The key to a good chargeback reduction plan is a clear understanding of where your chargebacks are coming from and why—and for that, you need thorough and reliable analytics. Sifting through your chargeback data will reveal the root causes behind your chargebacks, and can show you where your existing defenses are falling short.

For instance, one merchant might have very effective anti-fraud tools, but they’re getting hammered by friendly fraud chargebacks that they don’t bother to fight. Another merchant might have a blind spot for certain merchant error chargebacks. Deep analysis will reveal vulnerabilities like these.

A request for a formal chargeback reduction plan implies that your existing efforts have been falling short, so it’s important to spell out what new things you’ll be doing to mitigate chargebacks, such as working with a chargeback management firm, subscribing to chargeback alerts, or investing in new anti-fraud software.

If any of your policies or operational procedures have been leading to disputes and chargebacks, you should explain in detail how you will be changing them.

Finally, don’t neglect the part of the plan where you describe how you will track and monitor your results for the purpose of making necessary adjustments.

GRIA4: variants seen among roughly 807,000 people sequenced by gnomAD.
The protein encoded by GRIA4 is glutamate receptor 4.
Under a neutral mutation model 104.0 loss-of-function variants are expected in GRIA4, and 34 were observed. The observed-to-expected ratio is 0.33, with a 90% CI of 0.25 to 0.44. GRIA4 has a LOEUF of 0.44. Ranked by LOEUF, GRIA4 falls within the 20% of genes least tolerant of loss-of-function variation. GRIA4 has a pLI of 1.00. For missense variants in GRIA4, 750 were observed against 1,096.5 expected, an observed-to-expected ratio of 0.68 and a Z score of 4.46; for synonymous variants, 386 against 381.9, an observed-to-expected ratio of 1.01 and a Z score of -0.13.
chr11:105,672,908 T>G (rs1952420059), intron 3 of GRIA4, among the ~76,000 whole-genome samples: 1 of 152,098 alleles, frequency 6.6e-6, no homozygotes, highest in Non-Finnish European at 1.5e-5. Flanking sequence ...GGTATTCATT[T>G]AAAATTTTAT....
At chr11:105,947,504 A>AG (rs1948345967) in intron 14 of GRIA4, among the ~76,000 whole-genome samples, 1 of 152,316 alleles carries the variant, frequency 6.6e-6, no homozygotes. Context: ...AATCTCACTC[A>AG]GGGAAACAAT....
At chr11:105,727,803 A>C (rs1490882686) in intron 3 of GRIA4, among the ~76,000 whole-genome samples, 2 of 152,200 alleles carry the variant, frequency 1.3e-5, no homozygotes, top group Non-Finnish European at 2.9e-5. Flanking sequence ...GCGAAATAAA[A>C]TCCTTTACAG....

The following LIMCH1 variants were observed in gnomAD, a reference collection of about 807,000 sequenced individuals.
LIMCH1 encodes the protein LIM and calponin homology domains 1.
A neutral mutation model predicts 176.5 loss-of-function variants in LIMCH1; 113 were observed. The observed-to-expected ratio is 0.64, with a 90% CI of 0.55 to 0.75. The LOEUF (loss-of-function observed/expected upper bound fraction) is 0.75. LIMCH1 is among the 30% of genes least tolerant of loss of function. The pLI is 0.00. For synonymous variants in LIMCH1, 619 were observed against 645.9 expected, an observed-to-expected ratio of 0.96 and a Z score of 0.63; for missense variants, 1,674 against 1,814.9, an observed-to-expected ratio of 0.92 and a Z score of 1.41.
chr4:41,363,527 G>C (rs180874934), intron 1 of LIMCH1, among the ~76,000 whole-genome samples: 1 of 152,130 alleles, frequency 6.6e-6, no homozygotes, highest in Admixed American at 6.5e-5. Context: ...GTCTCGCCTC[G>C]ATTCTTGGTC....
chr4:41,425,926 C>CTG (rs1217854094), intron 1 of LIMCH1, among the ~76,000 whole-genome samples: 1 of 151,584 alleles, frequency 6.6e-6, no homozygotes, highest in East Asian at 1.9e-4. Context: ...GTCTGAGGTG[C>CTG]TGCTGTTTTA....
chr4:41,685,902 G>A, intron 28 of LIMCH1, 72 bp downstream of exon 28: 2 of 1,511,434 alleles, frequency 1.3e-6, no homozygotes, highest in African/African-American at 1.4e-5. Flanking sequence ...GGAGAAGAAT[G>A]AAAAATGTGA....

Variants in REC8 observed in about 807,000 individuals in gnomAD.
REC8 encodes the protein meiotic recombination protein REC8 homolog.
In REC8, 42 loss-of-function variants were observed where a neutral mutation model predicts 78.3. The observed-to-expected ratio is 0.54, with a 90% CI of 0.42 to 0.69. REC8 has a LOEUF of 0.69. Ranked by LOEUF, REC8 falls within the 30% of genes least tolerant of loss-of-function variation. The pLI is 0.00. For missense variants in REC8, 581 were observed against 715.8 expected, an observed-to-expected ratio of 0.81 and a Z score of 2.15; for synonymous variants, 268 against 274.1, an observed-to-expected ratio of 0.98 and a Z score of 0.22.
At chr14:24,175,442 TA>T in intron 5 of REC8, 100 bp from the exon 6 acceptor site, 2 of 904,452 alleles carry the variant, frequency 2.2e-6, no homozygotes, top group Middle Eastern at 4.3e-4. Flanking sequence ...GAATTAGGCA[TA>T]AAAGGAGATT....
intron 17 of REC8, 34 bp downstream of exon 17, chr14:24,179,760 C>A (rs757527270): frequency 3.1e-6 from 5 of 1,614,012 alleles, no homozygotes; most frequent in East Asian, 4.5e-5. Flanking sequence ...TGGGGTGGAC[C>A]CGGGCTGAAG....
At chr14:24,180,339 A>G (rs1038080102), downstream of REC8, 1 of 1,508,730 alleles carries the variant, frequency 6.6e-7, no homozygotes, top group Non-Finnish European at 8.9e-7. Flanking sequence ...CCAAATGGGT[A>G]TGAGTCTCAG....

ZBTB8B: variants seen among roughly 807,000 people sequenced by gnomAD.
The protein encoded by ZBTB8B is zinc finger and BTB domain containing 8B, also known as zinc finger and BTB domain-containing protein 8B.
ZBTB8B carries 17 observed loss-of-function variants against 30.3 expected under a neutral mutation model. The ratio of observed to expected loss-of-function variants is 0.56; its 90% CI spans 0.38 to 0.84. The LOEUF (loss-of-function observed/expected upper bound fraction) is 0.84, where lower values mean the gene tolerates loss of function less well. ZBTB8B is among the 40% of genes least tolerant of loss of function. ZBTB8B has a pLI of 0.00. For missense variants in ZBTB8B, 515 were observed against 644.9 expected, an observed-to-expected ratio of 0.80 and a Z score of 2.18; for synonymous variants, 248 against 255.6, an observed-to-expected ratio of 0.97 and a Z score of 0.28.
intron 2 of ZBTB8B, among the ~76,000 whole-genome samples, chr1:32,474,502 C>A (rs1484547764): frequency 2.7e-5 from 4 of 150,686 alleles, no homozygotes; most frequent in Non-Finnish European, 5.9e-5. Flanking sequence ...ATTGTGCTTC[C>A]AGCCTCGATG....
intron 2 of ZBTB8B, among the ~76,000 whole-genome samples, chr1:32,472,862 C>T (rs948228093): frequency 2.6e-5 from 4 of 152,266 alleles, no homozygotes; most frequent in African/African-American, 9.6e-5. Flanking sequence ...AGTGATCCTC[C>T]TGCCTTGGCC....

A plan is only as good as the results it delivers, so be sure to communicate clearly how you will be engaging in ongoing analysis and performance evaluation to determine whether or not your plan is working effectively.


No merchant wants to end up at the point where they’re looking at enrollment into a chargeback mitigation program and having to write out a formal plan for how they’re going to bring their chargeback levels back down.

By the time it’s gotten to this, the merchant has already lost significant revenue to chargebacks, and the requirements of the mitigation program can feel like adding insult to injury.

The best thing merchants can do is take action when they realize their chargeback rate is rising, but before the 1% threshold is crossed.

Drafting your own plan to tame your chargebacks—with the help of qualified experts, if needed—can help you prepare for the possible eventuality of having to submit a formal plan, but it can also help you steer clear of that dangerous 1% threshold entirely.